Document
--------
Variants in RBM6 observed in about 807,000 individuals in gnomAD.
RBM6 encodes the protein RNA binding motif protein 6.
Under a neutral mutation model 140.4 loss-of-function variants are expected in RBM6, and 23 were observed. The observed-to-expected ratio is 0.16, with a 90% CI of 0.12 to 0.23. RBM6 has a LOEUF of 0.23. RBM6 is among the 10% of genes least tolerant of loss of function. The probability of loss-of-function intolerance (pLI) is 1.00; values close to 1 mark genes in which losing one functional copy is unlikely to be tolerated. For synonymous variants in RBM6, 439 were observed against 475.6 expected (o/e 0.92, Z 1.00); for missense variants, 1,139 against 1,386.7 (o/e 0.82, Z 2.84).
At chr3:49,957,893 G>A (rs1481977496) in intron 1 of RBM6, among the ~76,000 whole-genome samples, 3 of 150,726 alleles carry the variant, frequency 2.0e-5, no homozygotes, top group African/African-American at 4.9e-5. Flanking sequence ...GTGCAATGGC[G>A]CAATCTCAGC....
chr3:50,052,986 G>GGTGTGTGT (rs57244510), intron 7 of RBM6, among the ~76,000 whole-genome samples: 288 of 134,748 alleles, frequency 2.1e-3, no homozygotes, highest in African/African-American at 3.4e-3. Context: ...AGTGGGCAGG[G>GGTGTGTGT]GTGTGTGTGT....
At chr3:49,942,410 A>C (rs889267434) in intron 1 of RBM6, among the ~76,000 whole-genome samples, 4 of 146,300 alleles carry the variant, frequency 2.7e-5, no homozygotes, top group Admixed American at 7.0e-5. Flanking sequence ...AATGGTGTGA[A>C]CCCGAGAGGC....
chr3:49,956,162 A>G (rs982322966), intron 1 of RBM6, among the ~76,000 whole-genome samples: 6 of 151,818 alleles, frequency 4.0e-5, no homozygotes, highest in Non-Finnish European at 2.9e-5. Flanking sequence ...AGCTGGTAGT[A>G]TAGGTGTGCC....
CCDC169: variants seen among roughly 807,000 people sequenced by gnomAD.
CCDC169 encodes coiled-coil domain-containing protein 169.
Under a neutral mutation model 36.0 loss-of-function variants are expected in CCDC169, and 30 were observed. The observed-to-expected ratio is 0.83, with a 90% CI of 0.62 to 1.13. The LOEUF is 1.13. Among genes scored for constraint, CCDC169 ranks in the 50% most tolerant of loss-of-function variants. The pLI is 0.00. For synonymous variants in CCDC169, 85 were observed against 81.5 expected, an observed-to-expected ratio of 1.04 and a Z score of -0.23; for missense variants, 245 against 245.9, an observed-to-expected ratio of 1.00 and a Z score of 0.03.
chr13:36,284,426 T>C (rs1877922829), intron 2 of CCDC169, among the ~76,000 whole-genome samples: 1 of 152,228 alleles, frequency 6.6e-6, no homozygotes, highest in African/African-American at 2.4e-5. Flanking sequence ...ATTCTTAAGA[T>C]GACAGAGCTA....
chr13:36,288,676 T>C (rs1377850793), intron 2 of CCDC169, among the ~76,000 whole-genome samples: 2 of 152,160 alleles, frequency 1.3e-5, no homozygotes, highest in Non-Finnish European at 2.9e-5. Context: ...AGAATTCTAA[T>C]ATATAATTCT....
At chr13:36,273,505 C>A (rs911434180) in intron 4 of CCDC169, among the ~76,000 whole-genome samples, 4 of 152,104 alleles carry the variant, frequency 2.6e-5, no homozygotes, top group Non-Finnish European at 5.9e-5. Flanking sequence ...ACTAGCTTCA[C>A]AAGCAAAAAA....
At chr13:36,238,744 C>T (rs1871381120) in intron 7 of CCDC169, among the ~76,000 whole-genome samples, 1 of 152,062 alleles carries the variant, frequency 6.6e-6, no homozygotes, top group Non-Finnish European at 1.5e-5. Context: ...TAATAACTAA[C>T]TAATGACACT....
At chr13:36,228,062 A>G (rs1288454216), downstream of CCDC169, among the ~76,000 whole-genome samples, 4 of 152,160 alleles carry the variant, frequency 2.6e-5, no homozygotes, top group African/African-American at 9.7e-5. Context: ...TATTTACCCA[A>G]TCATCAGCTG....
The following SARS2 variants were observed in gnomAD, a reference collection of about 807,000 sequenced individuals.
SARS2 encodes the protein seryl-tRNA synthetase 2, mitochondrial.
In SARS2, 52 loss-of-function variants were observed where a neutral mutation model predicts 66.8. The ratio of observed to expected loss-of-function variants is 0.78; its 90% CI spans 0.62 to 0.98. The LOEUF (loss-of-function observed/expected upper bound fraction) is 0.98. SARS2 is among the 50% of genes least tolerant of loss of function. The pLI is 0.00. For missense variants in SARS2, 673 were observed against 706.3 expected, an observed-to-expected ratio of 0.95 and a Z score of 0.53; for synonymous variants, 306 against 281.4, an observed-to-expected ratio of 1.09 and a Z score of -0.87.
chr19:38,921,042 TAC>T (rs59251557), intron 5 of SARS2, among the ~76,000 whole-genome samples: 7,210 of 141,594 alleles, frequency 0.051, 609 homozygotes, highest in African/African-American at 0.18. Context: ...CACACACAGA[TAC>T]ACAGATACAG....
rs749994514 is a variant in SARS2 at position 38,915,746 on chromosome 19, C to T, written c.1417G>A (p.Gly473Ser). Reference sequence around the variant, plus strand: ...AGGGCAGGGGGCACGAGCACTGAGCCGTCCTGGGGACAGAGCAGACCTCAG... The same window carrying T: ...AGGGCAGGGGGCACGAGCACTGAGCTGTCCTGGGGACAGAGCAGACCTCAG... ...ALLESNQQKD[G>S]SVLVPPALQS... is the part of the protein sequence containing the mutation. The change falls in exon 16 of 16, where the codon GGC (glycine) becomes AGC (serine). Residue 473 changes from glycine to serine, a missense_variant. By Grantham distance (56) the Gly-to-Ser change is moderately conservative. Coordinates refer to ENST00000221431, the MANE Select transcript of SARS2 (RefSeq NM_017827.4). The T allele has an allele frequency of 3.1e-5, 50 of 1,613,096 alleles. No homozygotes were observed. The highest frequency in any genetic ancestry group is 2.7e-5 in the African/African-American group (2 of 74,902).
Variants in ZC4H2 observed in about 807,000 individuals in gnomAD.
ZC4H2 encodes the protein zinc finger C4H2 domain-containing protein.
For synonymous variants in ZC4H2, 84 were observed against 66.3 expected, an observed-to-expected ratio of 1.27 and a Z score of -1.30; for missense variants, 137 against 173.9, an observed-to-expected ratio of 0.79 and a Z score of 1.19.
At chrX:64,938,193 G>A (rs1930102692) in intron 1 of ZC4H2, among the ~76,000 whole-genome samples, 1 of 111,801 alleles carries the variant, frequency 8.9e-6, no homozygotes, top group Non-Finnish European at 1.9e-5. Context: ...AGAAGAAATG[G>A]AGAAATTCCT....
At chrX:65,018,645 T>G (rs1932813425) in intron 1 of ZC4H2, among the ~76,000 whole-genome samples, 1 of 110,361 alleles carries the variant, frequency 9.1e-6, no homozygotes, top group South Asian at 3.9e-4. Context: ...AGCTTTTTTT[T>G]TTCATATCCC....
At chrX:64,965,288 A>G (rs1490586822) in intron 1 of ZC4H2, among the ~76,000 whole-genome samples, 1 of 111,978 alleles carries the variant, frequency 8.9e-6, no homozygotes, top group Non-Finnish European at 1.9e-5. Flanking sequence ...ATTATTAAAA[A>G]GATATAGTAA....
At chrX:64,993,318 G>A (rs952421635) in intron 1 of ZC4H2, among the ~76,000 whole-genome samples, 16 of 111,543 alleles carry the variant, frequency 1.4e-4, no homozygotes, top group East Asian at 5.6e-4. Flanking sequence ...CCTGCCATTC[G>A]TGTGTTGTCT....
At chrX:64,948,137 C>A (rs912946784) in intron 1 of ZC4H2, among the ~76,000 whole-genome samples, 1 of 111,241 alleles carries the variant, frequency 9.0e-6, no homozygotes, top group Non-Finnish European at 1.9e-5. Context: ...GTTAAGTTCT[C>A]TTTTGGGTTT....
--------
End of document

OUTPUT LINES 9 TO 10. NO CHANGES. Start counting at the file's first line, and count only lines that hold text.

CCDC169 encodes coiled-coil domain-containing protein 169.
Under a neutral mutation model 36.0 loss-of-function variants are expected in CCDC169, and 30 were observed. The observed-to-expected ratio is 0.83, with a 90% CI of 0.62 to 1.13. The LOEUF is 1.13. Among genes scored for constraint, CCDC169 ranks in the 50% most tolerant of loss-of-function variants. The pLI is 0.00. For synonymous variants in CCDC169, 85 were observed against 81.5 expected, an observed-to-expected ratio of 1.04 and a Z score of -0.23; for missense variants, 245 against 245.9, an observed-to-expected ratio of 1.00 and a Z score of 0.03.